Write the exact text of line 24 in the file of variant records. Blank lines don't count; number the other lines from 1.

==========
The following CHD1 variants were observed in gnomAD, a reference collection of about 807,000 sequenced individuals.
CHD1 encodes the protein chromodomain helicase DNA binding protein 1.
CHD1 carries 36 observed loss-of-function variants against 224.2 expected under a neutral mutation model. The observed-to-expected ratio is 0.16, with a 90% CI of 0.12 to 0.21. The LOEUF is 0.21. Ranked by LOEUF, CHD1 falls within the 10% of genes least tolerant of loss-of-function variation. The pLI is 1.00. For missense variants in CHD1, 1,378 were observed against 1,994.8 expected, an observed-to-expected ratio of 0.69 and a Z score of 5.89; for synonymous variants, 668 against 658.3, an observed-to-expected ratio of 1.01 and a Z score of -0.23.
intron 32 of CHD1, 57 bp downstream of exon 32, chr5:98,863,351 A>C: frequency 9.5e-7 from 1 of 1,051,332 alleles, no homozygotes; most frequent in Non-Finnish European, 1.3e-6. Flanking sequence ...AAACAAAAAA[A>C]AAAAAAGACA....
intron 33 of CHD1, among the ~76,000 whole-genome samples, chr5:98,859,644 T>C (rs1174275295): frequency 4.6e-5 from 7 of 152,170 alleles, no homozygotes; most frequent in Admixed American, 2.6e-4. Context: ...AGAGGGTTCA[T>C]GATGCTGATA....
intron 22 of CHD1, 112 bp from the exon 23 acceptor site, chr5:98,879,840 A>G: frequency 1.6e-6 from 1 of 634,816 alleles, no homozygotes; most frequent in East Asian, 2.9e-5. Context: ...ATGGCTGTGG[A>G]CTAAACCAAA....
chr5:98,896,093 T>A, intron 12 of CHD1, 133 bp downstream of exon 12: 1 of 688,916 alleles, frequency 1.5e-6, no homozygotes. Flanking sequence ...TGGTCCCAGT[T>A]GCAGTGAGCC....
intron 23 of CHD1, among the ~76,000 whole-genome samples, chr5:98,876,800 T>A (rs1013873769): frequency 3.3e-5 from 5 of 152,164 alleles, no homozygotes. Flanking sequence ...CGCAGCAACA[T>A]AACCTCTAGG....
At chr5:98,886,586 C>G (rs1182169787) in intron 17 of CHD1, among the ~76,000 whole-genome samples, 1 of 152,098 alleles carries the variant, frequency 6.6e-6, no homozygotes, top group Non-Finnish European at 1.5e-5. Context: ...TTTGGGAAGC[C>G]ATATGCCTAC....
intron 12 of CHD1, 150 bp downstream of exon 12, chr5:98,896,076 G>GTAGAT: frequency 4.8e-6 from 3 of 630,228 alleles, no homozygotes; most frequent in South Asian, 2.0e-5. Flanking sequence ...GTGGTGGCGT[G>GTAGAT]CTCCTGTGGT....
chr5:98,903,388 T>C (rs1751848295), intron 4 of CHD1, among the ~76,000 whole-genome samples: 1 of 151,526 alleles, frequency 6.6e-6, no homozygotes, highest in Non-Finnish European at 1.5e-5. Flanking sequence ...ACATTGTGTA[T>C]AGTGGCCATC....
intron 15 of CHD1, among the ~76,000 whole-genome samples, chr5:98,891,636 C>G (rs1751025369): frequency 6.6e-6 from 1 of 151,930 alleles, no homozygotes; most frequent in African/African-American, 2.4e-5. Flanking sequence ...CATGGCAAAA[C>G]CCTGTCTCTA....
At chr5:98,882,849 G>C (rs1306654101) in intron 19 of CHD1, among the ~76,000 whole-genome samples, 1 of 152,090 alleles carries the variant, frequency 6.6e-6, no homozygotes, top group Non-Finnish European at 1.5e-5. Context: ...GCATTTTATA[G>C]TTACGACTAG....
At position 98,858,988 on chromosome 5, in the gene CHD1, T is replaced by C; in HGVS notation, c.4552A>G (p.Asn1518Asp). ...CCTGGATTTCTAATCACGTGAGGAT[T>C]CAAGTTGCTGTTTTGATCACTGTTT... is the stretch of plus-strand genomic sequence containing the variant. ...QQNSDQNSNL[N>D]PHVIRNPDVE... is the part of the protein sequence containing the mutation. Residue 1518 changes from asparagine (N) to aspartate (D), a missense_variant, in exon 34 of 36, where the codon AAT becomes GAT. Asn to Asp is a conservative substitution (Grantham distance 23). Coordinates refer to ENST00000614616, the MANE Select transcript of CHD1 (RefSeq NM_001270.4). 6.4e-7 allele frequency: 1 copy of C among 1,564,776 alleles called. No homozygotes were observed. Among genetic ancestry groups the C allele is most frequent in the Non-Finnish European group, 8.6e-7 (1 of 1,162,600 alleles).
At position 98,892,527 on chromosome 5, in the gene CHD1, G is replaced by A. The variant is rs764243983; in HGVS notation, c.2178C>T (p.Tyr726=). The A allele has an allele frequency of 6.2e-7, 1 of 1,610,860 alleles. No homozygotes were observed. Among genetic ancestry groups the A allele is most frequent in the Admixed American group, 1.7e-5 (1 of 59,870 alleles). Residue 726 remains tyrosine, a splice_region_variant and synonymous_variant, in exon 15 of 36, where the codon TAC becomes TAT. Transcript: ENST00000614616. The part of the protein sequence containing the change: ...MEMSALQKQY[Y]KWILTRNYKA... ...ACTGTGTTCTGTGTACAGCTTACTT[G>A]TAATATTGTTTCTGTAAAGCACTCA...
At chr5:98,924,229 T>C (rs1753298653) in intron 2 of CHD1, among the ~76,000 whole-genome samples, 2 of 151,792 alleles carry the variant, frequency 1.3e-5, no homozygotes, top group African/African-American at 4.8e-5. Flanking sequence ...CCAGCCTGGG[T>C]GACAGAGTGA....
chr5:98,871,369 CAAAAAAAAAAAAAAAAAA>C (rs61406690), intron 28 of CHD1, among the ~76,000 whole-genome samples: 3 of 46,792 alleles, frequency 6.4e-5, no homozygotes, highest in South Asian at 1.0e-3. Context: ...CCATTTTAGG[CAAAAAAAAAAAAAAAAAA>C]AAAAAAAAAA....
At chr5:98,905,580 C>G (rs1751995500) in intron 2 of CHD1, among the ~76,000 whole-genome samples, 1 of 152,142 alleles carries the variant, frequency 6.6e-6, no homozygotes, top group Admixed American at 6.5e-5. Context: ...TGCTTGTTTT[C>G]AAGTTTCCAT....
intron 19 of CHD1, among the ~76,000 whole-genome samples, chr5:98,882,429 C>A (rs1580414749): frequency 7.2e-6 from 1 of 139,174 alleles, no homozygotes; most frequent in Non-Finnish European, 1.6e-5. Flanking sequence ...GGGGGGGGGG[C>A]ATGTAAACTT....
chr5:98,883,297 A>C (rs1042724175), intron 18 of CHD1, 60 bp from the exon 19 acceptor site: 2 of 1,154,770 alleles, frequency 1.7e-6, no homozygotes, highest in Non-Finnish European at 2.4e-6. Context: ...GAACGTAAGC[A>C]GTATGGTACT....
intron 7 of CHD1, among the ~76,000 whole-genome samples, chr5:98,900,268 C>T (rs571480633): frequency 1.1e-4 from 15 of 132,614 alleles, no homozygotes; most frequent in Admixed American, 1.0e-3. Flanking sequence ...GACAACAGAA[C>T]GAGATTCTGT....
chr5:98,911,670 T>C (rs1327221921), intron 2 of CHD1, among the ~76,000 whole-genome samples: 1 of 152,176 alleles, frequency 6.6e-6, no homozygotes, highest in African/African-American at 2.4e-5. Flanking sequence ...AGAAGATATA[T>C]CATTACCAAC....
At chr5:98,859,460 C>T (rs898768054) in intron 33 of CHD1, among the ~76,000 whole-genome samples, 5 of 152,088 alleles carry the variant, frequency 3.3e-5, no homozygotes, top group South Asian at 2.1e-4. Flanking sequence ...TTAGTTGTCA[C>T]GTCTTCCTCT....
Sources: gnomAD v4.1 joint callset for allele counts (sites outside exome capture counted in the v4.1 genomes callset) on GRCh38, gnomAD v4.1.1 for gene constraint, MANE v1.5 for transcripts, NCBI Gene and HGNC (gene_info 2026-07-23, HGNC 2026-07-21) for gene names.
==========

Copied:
Sources: gnomAD v4.1 joint callset for allele counts (sites outside exome capture counted in the v4.1 genomes callset) on GRCh38, gnomAD v4.1.1 for gene constraint, MANE v1.5 for transcripts, NCBI Gene and HGNC (gene_info 2026-07-23, HGNC 2026-07-21) for gene names.